Archive | Gloom And Doom
After officially revealing that he was diagnosed with leukemia, the support for Behemoth’s Adam “Nergal” Darski has been overwhelming with fans and bands reaching out to see how they can help. And for the first time since making his illness public, Nergal has released an official statement. In addition to thanking everyone for all of their support, Nergal assured that not only will he fight the disease, but that Behemoth will in no way be put on hold.
But if that wasn’t enough to give you hope that he will indeed beat this, then his words about changing his anti-religious ways will. You can read the entire statement here, but here is an excerpt that proves that no illness will prevent him from taking on religion:
“Finally, I want to comment on some opinions which, provoked by religious circles, lead to far-fetched and inaccurate interpretations. I was surprised to hear my illness became a pretext for some people to embark on their own crusade. Opinions suggesting I might come closer to God or abandon my ideals and grovel to the only correct world view in this country not only surprised but also frightened me. This is a typical example of supporting one’s own views by preying on someone’s misfortune. ‘He fell ill so he will convert to Christianity, he will discover the religion he fought against is actually close to him.’ Halt! Why should the illness change my point of view? It is true this is a difficult time for me and the thoughts of ultimate matters are hard to chase away. But the idea that I will change my opinions, priorities, and values as a consequence of my illness sounds as if someone regards my head, and not my body, ill. Suggesting I might convert are ridiculous. To what would I convert? After all, I know Christian mythology pretty well, not only in its literary version, and I find nothing good, creative or beautiful in it. I read books better and wiser than the Bible. War, blood, blackmail, rapes, incest, pedophilia, zoophilia, collaboration and treachery – each page emanates with evil. Some may say I don’t understand the message of the Bible. I’d rather say the Christianity is nothing more than a rusty and archaic structure that is going to fall down any moment. It lasts only because of the gullible that follow the shepherd blindly; without any questions, without any consideration, not to any promised land, but to an intellectual slaughter. So, I say to those, who see some chances to break my rules, and myself because of the illness: over my dead body!”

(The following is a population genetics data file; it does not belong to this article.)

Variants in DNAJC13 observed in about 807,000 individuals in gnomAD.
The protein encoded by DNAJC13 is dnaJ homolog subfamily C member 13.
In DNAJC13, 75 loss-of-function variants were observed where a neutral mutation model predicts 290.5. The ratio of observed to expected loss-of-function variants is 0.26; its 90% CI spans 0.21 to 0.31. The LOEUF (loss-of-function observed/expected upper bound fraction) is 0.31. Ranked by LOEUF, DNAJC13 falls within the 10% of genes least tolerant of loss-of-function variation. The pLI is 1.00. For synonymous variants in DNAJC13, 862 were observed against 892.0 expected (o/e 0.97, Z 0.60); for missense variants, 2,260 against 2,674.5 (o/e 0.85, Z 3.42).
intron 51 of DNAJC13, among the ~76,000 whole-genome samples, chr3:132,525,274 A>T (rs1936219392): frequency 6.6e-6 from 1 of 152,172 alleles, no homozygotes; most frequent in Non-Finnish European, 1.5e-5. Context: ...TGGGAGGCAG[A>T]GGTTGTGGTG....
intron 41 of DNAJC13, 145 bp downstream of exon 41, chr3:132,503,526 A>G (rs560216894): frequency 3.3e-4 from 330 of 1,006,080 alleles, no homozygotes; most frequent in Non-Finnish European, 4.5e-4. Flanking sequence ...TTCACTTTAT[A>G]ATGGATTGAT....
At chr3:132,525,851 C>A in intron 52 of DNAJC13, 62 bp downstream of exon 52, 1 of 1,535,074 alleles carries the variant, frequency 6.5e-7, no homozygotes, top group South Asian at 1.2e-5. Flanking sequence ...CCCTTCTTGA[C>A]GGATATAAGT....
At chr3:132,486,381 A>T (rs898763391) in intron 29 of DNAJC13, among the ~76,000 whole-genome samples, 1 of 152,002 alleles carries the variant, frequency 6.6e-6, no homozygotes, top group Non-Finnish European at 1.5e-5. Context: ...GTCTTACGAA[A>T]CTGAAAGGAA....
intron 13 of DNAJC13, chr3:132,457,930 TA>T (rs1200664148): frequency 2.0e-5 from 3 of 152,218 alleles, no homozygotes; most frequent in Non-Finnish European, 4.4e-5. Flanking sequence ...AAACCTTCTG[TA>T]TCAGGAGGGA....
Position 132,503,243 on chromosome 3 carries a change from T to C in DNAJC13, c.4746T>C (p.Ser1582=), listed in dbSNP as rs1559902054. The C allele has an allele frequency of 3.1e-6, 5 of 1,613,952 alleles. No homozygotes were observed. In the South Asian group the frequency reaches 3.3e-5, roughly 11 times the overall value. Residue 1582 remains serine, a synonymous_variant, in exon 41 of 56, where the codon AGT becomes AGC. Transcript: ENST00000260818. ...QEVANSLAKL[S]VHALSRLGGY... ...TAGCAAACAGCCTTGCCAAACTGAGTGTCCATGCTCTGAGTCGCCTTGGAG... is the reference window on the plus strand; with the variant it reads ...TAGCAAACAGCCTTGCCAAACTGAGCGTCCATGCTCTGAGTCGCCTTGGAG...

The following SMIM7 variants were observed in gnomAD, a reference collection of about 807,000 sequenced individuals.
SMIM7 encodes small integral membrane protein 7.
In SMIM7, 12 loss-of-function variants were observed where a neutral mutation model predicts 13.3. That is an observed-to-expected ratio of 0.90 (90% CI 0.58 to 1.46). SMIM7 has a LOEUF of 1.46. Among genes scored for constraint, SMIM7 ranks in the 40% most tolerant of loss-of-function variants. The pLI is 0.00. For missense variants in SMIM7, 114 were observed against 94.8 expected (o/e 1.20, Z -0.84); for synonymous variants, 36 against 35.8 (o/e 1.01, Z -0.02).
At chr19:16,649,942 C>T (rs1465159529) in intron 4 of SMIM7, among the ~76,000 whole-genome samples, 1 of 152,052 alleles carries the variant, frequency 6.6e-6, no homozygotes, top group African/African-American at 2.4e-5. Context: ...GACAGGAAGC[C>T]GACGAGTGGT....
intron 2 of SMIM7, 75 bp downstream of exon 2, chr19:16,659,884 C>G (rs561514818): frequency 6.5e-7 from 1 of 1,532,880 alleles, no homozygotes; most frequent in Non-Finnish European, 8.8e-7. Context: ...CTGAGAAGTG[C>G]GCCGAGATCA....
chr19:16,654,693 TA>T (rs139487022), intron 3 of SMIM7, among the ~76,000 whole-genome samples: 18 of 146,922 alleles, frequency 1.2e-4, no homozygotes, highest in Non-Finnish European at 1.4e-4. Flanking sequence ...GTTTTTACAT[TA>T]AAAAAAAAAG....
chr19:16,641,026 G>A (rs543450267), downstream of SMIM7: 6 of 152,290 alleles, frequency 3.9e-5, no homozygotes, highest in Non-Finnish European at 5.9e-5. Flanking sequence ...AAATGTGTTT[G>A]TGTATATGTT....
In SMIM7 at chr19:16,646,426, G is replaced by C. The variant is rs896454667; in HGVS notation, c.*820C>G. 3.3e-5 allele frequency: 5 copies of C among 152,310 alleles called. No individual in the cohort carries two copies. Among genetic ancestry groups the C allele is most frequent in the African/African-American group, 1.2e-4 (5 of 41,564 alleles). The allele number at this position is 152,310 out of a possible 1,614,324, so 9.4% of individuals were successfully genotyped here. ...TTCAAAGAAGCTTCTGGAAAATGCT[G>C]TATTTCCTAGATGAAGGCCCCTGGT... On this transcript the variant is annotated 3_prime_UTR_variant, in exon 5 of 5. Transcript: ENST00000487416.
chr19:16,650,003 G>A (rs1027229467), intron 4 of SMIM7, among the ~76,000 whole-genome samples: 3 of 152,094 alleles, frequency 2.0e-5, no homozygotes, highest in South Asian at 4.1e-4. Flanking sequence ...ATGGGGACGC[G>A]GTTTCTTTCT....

In other words, even in difficult times, Nergal is still the black metal God we all love. In so many ways, this is a great sign of hope for Behemoth fans and concerned metal heads. Our thoughts and prayers continue to go out to Nergal and his family.
A few sites, including Metal Sucks and The Gauntlet, have reported that Behemoth frontman Adam “Nergal” Darski has been officially diagnosed with leukemia. This news comes just two weeks after Darski revealed he was seriously ill and was forced to cancel the band’s upcoming tour plans.
No official statement has been made from Behemoth’s camp, but MetalUnderground.com revealed the following: